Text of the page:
Though the term "gamification" was coined in 2002 by Nick Pelling, a British-born computer programmer and inventor, it did not gain popularity until 2010. Even prior to the term coming into use, other fields borrowing elements from videogames was common; for example, some work in learning disabilities and scientific visualization adapted elements from videogames.
The term "gamification" first gained widespread usage in 2010, in a more specific sense referring to incorporation of social/reward aspects of games into software. The technique captured the attention of venture capitalists, one of whom said he considered gamification the most promising area in gaming. Another observed that half of all companies seeking funding for consumer software applications mentioned game design in their presentations.
Several researchers consider gamification closely related to earlier work on adapting game-design elements and techniques to non-game contexts. Deterding et al. survey research in human–computer interaction that uses game-derived elements for motivation and interface design, and Nelson argues for a connection to both the Soviet concept of socialist competition, and the American management trend of "fun at work". Fuchs points out that gamification might be driven by new forms of ludic interfaces. Gamification conferences have also retroactively incorporated simulation; e.g. Will Wright, designer of the 1989 video game SimCity, was the keynote speaker at the gamification conference Gsummit 2013.
In addition to companies that use the technique, a number of businesses created gamification platforms. In October 2007, Bunchball, backed by Adobe Systems Incorporated, was the first company to provide game mechanics as a service, on Dunder Mifflin Infinity, the community site for the NBC TV show The Office. Bunchball customers have included Playboy, Chiquita, Bravo, and The USA Network. In June 2009 a Seattle-based startup called BigDoor was founded, providing gamification technology to non-gaming websites. Badgeville, which offers gamification services, launched in late 2010, and raised $15 million in venture-capital funding in its first year of operation. In 2011, Playlyfe was launched which started offering gamification as a service to individual developers and enterprises.
Through gamification's growing adoption and its nature as a data aggregator, multiple legal restrictions may apply to gamification. Some refer to the use of virtual currencies and virtual assets, data privacy laws and data protection, or labour laws.
The use of virtual currencies, in contrast to traditional payment systems, is not regulated. The legal uncertainty surrounding the virtual currency schemes might constitute a challenge for public authorities, as these schemes can be used by criminals, fraudsters and money launderers to perform their illegal activities.
University of Hamburg researcher Sebastian Deterding has characterized the initial popular strategies for gamification as not being fun and creating an artificial sense of achievement. He also says that gamification can encourage unintended behaviours.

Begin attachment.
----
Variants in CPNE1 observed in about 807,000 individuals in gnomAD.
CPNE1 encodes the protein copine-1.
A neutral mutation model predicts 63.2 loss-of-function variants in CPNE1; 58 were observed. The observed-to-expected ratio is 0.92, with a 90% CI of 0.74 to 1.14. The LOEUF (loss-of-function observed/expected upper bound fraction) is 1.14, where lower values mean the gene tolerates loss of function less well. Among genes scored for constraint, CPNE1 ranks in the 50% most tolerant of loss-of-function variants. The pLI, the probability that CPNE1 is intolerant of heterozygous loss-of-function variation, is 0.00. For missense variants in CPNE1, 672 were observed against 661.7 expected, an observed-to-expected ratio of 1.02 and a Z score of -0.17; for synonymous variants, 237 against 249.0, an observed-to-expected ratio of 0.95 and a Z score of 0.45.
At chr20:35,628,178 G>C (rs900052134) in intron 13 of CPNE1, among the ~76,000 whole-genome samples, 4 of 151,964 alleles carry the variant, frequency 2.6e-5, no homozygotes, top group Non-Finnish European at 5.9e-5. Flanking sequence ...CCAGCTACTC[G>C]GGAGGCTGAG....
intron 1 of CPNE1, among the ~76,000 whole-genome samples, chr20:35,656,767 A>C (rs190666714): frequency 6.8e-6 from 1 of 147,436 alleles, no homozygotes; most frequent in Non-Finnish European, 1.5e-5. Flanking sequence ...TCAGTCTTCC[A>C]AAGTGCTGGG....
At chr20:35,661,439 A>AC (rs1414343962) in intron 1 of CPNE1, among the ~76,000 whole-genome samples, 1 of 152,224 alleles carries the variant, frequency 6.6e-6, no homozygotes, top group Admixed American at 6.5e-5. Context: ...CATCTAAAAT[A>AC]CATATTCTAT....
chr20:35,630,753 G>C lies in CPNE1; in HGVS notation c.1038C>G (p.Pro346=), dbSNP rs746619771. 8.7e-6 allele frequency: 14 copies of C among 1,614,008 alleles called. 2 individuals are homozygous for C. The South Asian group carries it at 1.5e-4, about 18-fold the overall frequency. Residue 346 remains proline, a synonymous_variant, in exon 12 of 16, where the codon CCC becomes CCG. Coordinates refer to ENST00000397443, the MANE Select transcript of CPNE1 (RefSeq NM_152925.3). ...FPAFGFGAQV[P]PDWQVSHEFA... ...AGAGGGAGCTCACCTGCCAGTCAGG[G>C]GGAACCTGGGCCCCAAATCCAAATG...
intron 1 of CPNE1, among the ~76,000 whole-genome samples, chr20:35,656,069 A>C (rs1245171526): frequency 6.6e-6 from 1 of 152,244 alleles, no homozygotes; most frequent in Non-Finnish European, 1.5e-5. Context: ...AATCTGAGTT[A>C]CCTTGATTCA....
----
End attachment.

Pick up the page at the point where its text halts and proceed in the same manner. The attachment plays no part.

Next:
In a review of 132 of the top health and fitness apps in the Apple app store, in 2014, using gamification as a method to modify behavior, the authors concluded that "Despite the inclusion of at least some components of gamification, the mean scores of integration of gamification components were still below 50 percent. This was also true for the inclusion of game elements and the use of health behavior theory constructs, thus showing a lack of following any clear industry standard of effective gaming, gamification, or behavioral theory in health and fitness apps."
Concern was also expressed in a 2016 study analyzing outcome data from 1298 users who competed in gamified and incentivized exercise challenges while wearing wearable devices. In that study the authors conjectured that data may be highly skewed by cohorts of already healthy users, rather than the intended audiences of participants requiring behavioral intervention.
Game designers like Jon Radoff and Margaret Robertson have also criticized gamification as excluding elements like storytelling and experiences and using simple reward systems in place of true game mechanics.
Gamification practitioners have pointed out that while the initial popular designs were in fact mostly relying on simplistic reward approach, even those led to significant improvements in short-term engagement. This was supported by the first comprehensive study in 2014, which concluded that an increase in gamification elements correlated with an increase in motivation score, but not with capacity or opportunity/trigger scores.
The same study called for standardization across the app industry on gamification principles to improve the effectiveness of health apps on the health outcomes of users.
MIT Professor Kevin Slavin has described business research into gamification as flawed and misleading for those unfamiliar with gaming. Heather Chaplin, writing in Slate, describes gamification as "an allegedly populist idea that actually benefits corporate interests over those of ordinary people". Jane McGonigal has distanced her work from the label "gamification", listing rewards outside of gameplay as the central idea of gamification and distinguishing game applications where the gameplay itself is the reward under the term "gameful design".